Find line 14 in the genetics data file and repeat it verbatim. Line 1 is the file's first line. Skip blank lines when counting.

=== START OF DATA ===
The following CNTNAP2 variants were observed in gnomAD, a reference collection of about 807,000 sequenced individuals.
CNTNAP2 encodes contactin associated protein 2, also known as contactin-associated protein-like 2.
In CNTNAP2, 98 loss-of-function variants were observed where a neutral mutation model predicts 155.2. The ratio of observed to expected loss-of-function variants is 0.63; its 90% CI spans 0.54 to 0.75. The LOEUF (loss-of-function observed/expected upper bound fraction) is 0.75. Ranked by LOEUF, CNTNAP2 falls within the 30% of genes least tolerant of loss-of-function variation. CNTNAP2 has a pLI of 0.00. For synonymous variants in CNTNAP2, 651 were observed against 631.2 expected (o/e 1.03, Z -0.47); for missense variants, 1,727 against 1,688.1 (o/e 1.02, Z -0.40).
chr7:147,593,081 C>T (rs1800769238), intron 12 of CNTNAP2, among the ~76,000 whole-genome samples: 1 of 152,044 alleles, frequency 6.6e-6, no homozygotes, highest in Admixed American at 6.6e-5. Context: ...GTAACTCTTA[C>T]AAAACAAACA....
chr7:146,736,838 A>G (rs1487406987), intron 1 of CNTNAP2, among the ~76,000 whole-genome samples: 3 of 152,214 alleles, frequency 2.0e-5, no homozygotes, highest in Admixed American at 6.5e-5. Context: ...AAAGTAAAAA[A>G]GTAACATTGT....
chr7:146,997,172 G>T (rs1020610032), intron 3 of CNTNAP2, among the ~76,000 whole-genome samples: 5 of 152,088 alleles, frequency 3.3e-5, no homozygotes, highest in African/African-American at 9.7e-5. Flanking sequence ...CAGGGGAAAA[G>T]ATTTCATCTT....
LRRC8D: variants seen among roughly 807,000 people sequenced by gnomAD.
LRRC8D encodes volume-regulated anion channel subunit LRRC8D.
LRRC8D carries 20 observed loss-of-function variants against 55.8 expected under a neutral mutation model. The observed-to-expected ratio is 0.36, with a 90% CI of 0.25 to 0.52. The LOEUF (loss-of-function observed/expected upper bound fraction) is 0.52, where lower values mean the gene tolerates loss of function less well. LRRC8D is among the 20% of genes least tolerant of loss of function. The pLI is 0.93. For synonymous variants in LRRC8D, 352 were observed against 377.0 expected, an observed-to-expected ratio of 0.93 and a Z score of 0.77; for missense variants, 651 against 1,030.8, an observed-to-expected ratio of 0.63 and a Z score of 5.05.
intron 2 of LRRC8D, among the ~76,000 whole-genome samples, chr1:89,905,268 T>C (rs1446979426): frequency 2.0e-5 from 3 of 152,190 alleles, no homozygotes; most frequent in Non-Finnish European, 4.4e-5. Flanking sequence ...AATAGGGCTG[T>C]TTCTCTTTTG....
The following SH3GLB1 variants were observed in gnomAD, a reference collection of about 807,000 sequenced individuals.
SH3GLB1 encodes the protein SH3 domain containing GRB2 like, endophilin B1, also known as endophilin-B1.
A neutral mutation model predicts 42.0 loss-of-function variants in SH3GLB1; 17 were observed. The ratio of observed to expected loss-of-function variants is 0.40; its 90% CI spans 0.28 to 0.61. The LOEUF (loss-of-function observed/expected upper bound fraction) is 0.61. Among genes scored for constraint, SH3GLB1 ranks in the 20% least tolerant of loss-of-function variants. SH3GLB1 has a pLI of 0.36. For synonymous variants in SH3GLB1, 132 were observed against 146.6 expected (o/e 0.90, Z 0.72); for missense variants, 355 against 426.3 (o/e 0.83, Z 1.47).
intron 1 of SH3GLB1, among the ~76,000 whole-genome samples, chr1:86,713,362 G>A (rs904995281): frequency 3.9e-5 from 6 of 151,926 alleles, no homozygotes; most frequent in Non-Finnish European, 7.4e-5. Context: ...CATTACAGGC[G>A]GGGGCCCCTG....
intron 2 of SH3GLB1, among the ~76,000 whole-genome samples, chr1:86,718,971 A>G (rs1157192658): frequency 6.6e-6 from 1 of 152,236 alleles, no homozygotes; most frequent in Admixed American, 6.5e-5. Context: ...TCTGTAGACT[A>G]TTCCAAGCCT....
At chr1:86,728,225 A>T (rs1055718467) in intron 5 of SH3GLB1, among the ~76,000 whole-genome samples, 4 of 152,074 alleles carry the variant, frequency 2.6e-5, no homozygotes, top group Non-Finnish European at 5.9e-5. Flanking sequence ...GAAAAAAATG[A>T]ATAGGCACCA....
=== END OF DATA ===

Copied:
intron 1 of SH3GLB1, among the ~76,000 whole-genome samples, chr1:86,713,362 G>A (rs904995281): frequency 3.9e-5 from 6 of 151,926 alleles, no homozygotes; most frequent in Non-Finnish European, 7.4e-5. Context: ...CATTACAGGC[G>A]GGGGCCCCTG....